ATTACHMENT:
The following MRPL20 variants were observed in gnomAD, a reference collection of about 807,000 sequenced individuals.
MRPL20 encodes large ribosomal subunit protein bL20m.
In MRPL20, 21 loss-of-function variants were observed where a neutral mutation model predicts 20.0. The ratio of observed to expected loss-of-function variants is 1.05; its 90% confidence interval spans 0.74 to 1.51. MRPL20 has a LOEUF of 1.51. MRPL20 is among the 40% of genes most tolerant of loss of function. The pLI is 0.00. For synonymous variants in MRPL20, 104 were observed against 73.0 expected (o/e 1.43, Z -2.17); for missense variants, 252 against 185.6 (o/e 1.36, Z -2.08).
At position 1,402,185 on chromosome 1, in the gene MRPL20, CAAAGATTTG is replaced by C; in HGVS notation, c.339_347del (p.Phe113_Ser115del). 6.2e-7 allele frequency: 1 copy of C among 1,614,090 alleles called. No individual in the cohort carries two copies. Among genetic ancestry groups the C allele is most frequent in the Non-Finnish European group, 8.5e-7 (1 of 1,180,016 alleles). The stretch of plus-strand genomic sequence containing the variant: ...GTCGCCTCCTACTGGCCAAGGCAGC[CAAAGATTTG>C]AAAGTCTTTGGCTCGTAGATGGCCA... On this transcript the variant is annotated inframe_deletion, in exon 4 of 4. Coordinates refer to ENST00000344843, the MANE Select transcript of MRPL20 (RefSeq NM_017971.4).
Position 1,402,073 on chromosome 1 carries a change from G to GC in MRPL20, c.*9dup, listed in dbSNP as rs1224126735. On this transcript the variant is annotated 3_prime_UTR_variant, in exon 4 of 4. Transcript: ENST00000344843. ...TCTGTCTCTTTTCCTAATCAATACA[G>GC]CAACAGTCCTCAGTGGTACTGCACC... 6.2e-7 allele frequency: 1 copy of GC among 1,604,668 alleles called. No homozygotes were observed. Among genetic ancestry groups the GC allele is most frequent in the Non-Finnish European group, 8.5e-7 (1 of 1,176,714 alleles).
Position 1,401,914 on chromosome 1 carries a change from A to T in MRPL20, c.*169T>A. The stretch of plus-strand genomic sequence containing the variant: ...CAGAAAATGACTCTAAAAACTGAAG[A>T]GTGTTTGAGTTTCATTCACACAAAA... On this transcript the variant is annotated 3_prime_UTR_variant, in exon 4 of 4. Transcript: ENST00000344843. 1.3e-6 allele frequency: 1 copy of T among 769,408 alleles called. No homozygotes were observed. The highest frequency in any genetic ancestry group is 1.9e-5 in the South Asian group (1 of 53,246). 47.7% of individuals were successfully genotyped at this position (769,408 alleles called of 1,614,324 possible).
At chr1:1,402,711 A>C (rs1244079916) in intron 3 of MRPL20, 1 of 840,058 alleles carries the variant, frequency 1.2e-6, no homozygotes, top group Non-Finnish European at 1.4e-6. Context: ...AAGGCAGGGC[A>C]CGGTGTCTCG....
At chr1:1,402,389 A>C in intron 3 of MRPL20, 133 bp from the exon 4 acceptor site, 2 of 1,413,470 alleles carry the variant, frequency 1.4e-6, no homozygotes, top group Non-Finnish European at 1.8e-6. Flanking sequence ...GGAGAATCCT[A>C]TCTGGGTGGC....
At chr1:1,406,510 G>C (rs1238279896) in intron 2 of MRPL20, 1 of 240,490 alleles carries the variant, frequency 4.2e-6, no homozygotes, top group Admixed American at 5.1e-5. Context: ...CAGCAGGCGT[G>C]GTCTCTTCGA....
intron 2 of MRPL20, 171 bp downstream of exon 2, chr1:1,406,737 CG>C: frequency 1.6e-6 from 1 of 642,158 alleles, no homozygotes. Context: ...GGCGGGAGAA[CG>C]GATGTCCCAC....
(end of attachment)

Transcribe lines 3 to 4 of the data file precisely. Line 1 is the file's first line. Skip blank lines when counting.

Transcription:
In MRPL20, 21 loss-of-function variants were observed where a neutral mutation model predicts 20.0. The ratio of observed to expected loss-of-function variants is 1.05; its 90% confidence interval spans 0.74 to 1.51. MRPL20 has a LOEUF of 1.51. MRPL20 is among the 40% of genes most tolerant of loss of function. The pLI is 0.00. For synonymous variants in MRPL20, 104 were observed against 73.0 expected (o/e 1.43, Z -2.17); for missense variants, 252 against 185.6 (o/e 1.36, Z -2.08).
At position 1,402,185 on chromosome 1, in the gene MRPL20, CAAAGATTTG is replaced by C; in HGVS notation, c.339_347del (p.Phe113_Ser115del). 6.2e-7 allele frequency: 1 copy of C among 1,614,090 alleles called. No individual in the cohort carries two copies. Among genetic ancestry groups the C allele is most frequent in the Non-Finnish European group, 8.5e-7 (1 of 1,180,016 alleles). The stretch of plus-strand genomic sequence containing the variant: ...GTCGCCTCCTACTGGCCAAGGCAGC[CAAAGATTTG>C]AAAGTCTTTGGCTCGTAGATGGCCA... On this transcript the variant is annotated inframe_deletion, in exon 4 of 4. Coordinates refer to ENST00000344843, the MANE Select transcript of MRPL20 (RefSeq NM_017971.4).